“Good job, keep blaming Tim… it’ll split ’em up,” explains Louis Canning (Michael J Fox) to his client, during their deposition at Lockhart-Agos. Throughout the weeks I have wrote about how mischievous Eli Gold’s (Alan Cumming) character is, but nobody does it better than Louis Canning. He makes sure to catch the elevator with Tim Brewster (Steven Boyer), a disgruntled Lockhart-Agos client… now watch him reel in a client for Alicia (Julianna Margulies). “But get yourself your own lawyer, because they’re not going to defend you. Your business means nothing to them… call her.” The season seven premiere sets up Canning to serve as an unwanted resource, an ally for Alicia; a plotline that has been neglected until this episode, Driven. Louis serves as one of the several drivers in Alicia’s life, each pushing her to take action; as long as it coincides with his own agenda. Throughout this episode we see how Peter’s a driver in her life, as he crashes at her place, to dissuade public opinion that their marriage is on the rocks. Meanwhile, Alicia attends her first Chicago Election Board meeting; remember she’s in board leader Frank Landau’s (Mike Pniewski) pocket. Each plot thread subtly woven through the “case of the week” as arranged by Louis Canning, “A three way… with Lockhart-Agos and Louis Canning, it should be fun,” says Lucca Quinn (Cush Jumbo)… fun indeed.
“Is it legal for this car to drive it-self in the state of Illinois?” asks Alaica, after agreeing to represent Tim Brewester in the lawsuit against the T-Port manufacturer, Charles Ephraham (Peter Woodward). Pause; yes this lawsuit involves a car that for all intents and purposes drives itself. Showrunners Michelle and Robert King continue to employ satire in the writing; much to my delight. This cases’ nature allows lines such as, “Look it’s human drivers making the roads more dangerous, the T-Port is just adapting,” to serve as a metaphor for the politics driving Alicia’s life. She continues to be pressured by both her fellow Chicago Election Board members, Frank Landau and Craig Hallman (Ned Eisenberg) to vote on one particular agenda item; involving the state’s voting machines. “I would like you to speak for yourself,” pleads Mr. Hallman after she refuses to vote during the first committee meeting. Later, Mr. Landau drops by to threaten Alicia into voting ‘no’ on the issue. Remember, he rigged the State’s Attorney election last year, on Peter’s behalf. “I can hurt you,” states Mr. Landau; yep, the knowledge that Peter was behind her political scandal would destroy Alicia. He also mentions that Mr. Hallman hasn’t been entirely forthright with his reasons for wanting her to vote ‘yes’; talk about being pushed into a corner. “Whenever I see an equation and it doesn’t add up. I know where the problem lies. It’s with humans,” explains Anthony Dudewitz. After watching this episode it makes us question if Alicia controls any part of her life… both professional and personal.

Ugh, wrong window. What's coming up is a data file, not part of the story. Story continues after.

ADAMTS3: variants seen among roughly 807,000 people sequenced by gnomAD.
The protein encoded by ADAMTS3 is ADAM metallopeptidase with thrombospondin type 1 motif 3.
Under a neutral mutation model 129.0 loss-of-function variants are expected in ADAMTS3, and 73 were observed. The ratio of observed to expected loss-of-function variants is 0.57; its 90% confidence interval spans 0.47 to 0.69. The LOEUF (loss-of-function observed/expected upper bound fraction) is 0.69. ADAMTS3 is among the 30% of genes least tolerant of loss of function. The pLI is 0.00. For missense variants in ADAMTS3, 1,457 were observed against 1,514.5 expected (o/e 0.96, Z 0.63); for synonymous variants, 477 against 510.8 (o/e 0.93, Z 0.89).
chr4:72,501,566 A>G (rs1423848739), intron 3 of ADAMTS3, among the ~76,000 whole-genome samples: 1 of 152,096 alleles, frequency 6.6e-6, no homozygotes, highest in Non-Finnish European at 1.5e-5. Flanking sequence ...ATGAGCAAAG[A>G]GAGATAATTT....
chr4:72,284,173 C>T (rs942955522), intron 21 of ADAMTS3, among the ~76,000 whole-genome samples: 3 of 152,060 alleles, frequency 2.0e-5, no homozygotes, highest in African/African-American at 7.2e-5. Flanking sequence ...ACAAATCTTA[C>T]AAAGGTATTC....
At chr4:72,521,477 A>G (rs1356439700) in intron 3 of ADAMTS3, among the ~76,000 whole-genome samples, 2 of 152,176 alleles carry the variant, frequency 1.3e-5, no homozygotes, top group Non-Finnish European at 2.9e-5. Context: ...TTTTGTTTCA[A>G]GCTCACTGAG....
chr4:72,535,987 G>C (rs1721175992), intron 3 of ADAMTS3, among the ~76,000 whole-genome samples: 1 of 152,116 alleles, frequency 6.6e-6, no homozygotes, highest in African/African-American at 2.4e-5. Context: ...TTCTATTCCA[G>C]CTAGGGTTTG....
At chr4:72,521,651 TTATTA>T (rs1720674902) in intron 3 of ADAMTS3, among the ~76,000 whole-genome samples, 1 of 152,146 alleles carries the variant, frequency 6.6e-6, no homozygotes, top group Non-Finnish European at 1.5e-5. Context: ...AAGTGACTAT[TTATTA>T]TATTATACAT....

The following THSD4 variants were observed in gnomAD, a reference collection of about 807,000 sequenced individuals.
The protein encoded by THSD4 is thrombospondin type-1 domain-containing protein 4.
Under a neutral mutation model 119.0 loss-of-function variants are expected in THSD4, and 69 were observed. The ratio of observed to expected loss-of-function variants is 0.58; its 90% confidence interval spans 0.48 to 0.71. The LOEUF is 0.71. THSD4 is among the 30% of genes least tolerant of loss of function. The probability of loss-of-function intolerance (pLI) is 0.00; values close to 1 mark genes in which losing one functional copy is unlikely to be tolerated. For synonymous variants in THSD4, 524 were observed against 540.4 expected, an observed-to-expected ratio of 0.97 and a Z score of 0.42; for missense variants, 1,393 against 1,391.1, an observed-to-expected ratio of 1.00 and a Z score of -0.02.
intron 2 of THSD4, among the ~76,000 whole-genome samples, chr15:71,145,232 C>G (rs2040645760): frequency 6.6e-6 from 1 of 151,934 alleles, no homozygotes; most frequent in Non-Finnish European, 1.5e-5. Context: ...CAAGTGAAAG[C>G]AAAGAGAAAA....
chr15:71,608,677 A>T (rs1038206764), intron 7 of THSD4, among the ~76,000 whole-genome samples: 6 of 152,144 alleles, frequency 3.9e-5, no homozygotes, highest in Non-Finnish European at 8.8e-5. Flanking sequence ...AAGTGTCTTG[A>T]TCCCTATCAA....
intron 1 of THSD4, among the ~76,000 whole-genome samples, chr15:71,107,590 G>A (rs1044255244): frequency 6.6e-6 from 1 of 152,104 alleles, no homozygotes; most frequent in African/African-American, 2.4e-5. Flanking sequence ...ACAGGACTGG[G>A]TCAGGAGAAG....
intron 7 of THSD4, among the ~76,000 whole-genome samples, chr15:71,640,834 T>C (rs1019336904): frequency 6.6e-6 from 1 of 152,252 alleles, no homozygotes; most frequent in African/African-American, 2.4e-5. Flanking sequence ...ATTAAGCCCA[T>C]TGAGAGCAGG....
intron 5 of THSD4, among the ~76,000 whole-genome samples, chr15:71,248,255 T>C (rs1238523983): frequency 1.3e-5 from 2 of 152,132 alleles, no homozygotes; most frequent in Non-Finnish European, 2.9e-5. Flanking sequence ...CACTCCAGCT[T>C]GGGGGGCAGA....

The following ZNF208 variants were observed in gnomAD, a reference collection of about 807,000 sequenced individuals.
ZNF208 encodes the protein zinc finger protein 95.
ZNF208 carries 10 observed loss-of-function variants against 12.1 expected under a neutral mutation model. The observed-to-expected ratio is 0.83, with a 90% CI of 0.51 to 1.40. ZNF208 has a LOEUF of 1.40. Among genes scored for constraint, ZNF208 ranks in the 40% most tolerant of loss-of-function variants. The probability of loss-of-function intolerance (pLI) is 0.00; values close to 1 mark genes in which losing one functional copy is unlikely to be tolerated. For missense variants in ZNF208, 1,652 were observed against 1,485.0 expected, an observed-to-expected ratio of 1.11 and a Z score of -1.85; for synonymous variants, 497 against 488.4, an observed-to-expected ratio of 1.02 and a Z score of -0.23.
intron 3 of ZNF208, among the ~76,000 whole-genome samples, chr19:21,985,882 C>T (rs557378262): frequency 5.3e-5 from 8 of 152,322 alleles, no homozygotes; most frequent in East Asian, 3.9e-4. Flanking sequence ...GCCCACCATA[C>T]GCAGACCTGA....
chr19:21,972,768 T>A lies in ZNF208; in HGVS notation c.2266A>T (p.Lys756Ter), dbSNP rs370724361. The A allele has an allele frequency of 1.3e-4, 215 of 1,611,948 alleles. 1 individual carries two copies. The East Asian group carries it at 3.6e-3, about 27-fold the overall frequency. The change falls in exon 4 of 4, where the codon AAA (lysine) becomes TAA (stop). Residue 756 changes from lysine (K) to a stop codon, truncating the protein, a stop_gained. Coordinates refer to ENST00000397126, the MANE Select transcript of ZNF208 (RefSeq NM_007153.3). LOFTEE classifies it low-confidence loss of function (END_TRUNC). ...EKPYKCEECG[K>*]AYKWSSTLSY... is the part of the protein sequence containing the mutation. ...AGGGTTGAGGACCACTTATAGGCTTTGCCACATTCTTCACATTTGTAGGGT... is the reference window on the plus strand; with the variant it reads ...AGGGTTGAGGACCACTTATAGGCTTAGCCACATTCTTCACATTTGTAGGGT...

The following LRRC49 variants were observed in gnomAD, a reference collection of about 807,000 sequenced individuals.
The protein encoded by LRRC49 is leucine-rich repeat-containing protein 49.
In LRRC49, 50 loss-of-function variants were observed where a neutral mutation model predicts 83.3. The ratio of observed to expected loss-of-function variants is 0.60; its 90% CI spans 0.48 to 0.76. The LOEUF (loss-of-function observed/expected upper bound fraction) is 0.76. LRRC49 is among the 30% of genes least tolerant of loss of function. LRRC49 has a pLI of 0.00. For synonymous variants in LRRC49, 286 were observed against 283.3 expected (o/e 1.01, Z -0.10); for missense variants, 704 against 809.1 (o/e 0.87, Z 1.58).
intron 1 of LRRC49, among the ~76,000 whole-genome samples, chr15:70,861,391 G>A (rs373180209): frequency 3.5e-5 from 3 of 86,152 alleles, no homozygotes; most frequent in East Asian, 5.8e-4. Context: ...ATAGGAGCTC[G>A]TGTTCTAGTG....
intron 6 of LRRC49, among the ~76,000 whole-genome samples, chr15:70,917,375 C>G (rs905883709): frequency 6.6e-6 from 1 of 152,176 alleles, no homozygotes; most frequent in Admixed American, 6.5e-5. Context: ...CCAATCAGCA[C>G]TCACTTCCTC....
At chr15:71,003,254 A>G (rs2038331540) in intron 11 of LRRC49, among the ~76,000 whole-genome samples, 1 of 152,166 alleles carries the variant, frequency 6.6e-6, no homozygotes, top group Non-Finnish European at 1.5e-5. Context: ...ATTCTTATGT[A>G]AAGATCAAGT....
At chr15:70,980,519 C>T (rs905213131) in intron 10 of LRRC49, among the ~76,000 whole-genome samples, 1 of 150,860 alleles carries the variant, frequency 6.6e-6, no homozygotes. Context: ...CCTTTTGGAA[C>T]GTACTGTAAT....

“But I can assure you the Florrick marriage is solid,” claims Ruth Eastman (Margo Martindale) after a magazine releases an expose on the Florrick marriage. Great… a marriage scandal is on the horizon, right after Peter announces his bid for presidency and he needs campaign donations. Enter Courtney Paige (Vanessa Williams), a Democratic supporter who would like to meet the Florricks, “Yes, at the birthday party,” suggests Eli. Too bad Grace’s birthday isn’t until March. Now after Peter interrupts Alicia’s first date with Jason Crouse (Jeffrey Dean Morgan) she has to put on a fake birthday dinner for her daughter. The campaign is definitely a driver in both Alicia’s professional and personal life; emphasis on the personal with all the politics disrupting her delightful flirting with Jason Crouse. Especially revealed after Jason delivers Alicia some background information on T-Port engineer Anthony Dudewitz. She returns to the deposition, leaving Jason to look on outside the conference room. Then Alicia asks Mr. Dudewitz about his opinion on artificial intelligence. Needless to say his answer discredits him as an expert for Lockhart-Agos. After she delivers the knockout cross against Mr. Dudewitz, she looks to see if Jason is still watching and in an instant the disappointment washes over her; he’s already gone. Can Alicia ever move on if she continues to uphold a sham of a marriage out of political necessity?
Guest star, Joey Slotnick gives a great performance as Anthony Dudewitz, the disgruntled T-Port engineer. Fingers-crossed that he returns later on in the season as Alicia’s client in another lawsuit. This brings me back to the one who started it all, Mr. Louis Canning. Over the weeks I have grown tired of Eli’s political games with Ruth; please continue to offset this nonsense, with Louis pulling Alicia’s professional strings. I cannot be the only one who smiled after Alicia began to depose his client, “Nice job blaming the victim… you used to be a nicer person, you know,” yells Louis after Lucca and Alicia abandon him in the elevator. He maybe a driver in Alicia’s life, but he always steers her in the right direction. Where to next week? That destination lies with Alicia’s vote… ‘yes’, or ‘no’… cut to black.